The course will use the software R as a tool, but it is NOT a course on R. It will be assumed that the PhD students have the software R installed on their computers and that they know the basic notions of R programming. This includes knowing to: read and write data in R, perform basic operations with variables and vectors, make simple tabulations, use simple functions, use repeated and conditional calculations and draw simple graphs.

Name of lecturer:
Rodrigo Labouriau (lecturer and course responsible).

Type of course/teaching methods:
Lectures alternated with supervised exercise

Lecture notes written by R. Labouriau (distributed electronically during the course)

Course homepage:
A general description of the course, further details and software can be found at


Course assessment:
In the last part of the course, there will be a small final project (three datasets that should be analysed). The final examination constitutes a short written report on the final project and an oral examination. Based on the oral examination and the written report, it will be evaluated whether the PhD student has passed the course.


Special comments on this course:

  1. The course will be taught in English
  2. It is assumed that each PhD student has access to a computer, has installed the freeware R on it and knows the basic notions of R
  3. A short course on the basic use of R will be offered before the course.

Tentative time schedule: 5 modules, 8 lecture days from 9:00am (sharp) to 12:00am covering the following topics:

  • Module 1 - Basic probability and statistics (Week 9)
    Lecture 1 - 26 February 2019: Basic probability theory
    Lecture 2 – 27 February 2019: Some more basic probability theory, parametric statistical models and basic statistical inference techniques 
  • Module 2 - Binomial models (Week 10)
    Lecture 3 – 5 March 2019: Binomial models with discrete explanatory variables, binomial models with one- and two-way classification structures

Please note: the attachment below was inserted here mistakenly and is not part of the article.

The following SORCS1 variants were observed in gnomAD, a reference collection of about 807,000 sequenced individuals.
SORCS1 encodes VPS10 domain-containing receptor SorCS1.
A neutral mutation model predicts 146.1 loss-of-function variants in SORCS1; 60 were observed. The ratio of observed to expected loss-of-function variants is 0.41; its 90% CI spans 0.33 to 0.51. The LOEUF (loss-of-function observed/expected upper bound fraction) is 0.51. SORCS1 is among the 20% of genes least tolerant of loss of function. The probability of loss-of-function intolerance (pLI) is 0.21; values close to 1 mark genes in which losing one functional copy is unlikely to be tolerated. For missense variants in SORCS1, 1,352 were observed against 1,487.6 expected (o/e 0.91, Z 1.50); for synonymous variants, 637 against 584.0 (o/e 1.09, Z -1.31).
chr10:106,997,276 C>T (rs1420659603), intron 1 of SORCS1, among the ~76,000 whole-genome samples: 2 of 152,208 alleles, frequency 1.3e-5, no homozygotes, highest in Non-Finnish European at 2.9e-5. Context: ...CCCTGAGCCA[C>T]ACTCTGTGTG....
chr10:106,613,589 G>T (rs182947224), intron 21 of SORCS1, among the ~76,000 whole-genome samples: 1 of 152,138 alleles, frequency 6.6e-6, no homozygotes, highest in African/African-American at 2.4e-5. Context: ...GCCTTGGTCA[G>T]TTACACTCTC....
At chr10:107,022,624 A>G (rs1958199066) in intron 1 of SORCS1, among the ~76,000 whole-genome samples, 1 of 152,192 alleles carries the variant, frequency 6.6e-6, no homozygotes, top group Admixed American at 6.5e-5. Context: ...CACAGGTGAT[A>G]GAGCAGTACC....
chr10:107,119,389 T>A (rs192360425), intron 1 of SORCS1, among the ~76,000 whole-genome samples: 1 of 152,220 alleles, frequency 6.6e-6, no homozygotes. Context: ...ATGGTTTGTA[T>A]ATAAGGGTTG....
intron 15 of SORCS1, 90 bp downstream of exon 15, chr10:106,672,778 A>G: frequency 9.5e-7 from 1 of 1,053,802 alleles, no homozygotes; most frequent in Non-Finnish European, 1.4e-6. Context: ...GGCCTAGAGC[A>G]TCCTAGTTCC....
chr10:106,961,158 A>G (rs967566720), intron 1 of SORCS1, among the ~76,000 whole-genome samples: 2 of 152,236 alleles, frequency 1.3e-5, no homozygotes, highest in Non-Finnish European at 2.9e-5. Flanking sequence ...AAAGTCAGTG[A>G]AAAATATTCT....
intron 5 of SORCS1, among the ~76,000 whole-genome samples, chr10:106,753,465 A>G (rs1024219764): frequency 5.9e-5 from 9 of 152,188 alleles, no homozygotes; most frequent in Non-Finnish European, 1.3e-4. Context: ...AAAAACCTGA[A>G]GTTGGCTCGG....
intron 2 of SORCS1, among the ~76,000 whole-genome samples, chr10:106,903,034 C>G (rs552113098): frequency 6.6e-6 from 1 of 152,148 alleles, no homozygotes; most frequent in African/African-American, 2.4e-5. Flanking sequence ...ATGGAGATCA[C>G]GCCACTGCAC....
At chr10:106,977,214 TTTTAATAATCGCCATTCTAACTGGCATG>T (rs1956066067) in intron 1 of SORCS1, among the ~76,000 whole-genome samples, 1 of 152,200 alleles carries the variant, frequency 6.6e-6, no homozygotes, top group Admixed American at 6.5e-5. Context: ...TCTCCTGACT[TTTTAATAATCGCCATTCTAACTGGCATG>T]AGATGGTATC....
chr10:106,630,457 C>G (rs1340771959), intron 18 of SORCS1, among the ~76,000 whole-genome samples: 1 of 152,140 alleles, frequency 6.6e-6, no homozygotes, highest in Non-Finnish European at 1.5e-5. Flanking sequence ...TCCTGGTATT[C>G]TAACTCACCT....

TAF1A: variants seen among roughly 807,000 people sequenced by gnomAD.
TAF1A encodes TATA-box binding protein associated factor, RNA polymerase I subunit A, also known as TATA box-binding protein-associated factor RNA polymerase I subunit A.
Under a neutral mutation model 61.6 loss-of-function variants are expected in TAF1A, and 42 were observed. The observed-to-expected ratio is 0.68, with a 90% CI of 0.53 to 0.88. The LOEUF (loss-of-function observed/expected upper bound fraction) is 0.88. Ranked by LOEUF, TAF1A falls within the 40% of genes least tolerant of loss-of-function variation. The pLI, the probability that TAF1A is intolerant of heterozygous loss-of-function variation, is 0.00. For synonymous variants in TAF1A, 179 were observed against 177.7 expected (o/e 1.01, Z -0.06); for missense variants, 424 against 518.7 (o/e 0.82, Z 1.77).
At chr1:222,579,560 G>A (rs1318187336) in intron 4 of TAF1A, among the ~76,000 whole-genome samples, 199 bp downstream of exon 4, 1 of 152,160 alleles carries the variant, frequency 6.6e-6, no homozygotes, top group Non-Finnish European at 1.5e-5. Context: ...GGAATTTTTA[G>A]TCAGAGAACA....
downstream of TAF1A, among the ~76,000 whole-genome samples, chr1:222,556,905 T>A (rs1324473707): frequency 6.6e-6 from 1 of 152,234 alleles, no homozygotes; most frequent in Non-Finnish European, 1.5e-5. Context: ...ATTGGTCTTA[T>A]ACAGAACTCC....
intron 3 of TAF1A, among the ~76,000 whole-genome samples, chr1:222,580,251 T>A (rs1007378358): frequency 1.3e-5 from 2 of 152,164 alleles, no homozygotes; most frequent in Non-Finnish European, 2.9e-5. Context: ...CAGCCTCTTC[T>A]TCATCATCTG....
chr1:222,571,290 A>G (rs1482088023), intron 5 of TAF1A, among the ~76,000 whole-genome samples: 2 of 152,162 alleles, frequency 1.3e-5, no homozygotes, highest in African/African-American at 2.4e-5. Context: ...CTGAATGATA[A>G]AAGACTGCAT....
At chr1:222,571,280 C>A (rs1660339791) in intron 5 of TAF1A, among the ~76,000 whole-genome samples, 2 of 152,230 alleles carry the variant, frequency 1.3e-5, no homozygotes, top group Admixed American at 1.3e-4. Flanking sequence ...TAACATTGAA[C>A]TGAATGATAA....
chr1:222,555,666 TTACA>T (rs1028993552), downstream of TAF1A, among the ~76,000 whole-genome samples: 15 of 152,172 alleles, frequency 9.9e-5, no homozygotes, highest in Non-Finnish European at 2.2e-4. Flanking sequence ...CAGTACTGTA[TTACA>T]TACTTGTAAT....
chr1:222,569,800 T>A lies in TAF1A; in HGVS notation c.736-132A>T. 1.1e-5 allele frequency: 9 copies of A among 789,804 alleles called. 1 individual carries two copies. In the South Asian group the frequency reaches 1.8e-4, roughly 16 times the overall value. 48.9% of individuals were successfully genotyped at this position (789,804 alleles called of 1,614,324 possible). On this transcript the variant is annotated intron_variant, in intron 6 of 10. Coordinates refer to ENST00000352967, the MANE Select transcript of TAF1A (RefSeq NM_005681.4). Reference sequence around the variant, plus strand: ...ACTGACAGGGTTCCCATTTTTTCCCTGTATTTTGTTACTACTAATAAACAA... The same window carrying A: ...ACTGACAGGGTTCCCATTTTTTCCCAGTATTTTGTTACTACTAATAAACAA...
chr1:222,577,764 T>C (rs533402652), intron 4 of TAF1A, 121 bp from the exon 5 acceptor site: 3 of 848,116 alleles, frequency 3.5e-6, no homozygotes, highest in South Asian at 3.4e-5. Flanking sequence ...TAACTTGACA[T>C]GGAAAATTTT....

Lecture 4 – 6 March 2019: Binomial models with continuous explanatory variables 
  • Module 3 - Poisson models (Week 11)
    Lecture 5 - 12 March 2019: The Poisson distribution, Poisson models with discrete explanatory variables
    Lecture 6 – 13 March 2019: Poisson models with continuous and discrete explanatory variables 
  • Module 4 - Normal models (Week 12)
    Lecture 7 - 19 March 2019: Normal distribution, normal models with discrete and continuous explanatory variables 
  • Module 5 - Concluding (Weeks 12)
    Lecture 8 – 20 March 2019: Case studies and techniques for model control, overview and concluding remarks
  • Exam: 11 and 12 April 2019 (Week 15)

Ny Munkegade, Aarhus

No show fee:
Please note the following: As from 2017, a no-show fee is introduced at GSST’s transferable skills courses for course participants who do not show up at the course or cancel their course participation after the course registration deadline – unless they can provide a Doctor’s note. The no-show fee will be DKK 1,200 (the price of one ECTS). The no-show fee is introduced because GSST has experienced many late cancellations, thus preventing people from the waiting lists to have a seat at the courses.

Deadline for registration is 21 January 2019.

Due to an Agreement between Danish Universities coming into force as of 1 January 2011, participants from other universities than Aarhus University will have to pay DKK 1,200 per ECTS. In principle this also applies to external parties, but exemption can be granted under specific circumstances.

Registration for participants from Aarhus University: https://auws.au.dk/default.aspx?id=37705

Registration for participants from other universities: https://auws.au.dk/default.aspx?id=37706

Please note that seats are allocated on a first-come-first-served basis.

If you have any questions, please contact PhD Partner Karen Konradi, GSST (konradi@au.dk).